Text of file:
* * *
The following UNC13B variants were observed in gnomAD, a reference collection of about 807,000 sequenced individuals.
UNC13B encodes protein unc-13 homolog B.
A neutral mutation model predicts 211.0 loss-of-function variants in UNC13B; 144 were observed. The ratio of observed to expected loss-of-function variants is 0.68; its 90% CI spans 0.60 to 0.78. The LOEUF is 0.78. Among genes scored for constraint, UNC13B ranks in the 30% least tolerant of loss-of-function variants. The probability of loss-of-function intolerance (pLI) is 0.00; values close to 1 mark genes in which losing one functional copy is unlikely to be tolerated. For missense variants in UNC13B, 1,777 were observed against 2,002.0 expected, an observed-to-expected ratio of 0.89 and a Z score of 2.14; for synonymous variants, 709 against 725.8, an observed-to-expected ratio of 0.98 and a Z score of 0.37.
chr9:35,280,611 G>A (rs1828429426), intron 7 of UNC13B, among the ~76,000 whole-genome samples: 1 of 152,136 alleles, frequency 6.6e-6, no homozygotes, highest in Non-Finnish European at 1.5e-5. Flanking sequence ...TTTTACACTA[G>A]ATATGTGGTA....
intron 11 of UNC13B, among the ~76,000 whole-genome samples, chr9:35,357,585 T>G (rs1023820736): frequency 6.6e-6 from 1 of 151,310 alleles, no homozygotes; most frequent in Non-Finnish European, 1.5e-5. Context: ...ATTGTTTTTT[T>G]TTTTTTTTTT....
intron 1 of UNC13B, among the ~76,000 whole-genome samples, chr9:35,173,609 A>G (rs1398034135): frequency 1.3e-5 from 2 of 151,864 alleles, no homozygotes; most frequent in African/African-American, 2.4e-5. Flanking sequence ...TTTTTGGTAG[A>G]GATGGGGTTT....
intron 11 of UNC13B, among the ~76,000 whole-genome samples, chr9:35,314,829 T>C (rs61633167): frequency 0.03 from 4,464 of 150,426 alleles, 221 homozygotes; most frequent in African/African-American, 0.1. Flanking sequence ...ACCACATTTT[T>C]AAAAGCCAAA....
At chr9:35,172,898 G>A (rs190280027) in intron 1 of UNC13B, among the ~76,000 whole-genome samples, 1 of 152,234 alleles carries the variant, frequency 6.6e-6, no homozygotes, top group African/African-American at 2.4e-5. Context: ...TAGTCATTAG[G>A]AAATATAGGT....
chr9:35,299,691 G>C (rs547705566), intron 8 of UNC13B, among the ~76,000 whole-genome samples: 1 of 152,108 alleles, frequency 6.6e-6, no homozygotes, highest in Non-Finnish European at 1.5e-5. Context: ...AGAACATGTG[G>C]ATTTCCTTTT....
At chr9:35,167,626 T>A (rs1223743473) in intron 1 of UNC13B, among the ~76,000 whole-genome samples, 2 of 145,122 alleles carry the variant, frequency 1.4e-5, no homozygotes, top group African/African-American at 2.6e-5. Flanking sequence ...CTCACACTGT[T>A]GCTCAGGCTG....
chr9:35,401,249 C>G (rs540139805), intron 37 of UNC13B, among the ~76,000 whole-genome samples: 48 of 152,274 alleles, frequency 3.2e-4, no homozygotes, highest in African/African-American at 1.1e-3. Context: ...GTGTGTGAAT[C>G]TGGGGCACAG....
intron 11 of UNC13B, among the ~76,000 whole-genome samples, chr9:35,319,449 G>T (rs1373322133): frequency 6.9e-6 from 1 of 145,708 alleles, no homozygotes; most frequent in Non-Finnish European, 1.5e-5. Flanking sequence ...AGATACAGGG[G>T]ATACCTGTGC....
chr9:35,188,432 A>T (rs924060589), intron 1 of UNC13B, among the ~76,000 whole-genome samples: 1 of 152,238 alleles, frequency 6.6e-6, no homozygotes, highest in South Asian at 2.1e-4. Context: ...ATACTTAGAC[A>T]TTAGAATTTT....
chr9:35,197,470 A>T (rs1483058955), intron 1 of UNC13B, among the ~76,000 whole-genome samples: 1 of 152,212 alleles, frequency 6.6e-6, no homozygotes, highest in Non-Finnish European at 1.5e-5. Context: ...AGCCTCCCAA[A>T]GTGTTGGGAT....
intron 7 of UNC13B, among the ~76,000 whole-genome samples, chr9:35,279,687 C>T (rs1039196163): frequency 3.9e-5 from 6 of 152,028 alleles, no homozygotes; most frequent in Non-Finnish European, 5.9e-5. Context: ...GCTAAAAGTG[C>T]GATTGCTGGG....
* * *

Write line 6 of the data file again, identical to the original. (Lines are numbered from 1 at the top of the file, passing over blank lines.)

intron 1 of UNC13B, among the ~76,000 whole-genome samples, chr9:35,173,609 A>G (rs1398034135): frequency 1.3e-5 from 2 of 151,864 alleles, no homozygotes; most frequent in African/African-American, 2.4e-5. Flanking sequence ...TTTTTGGTAG[A>G]GATGGGGTTT....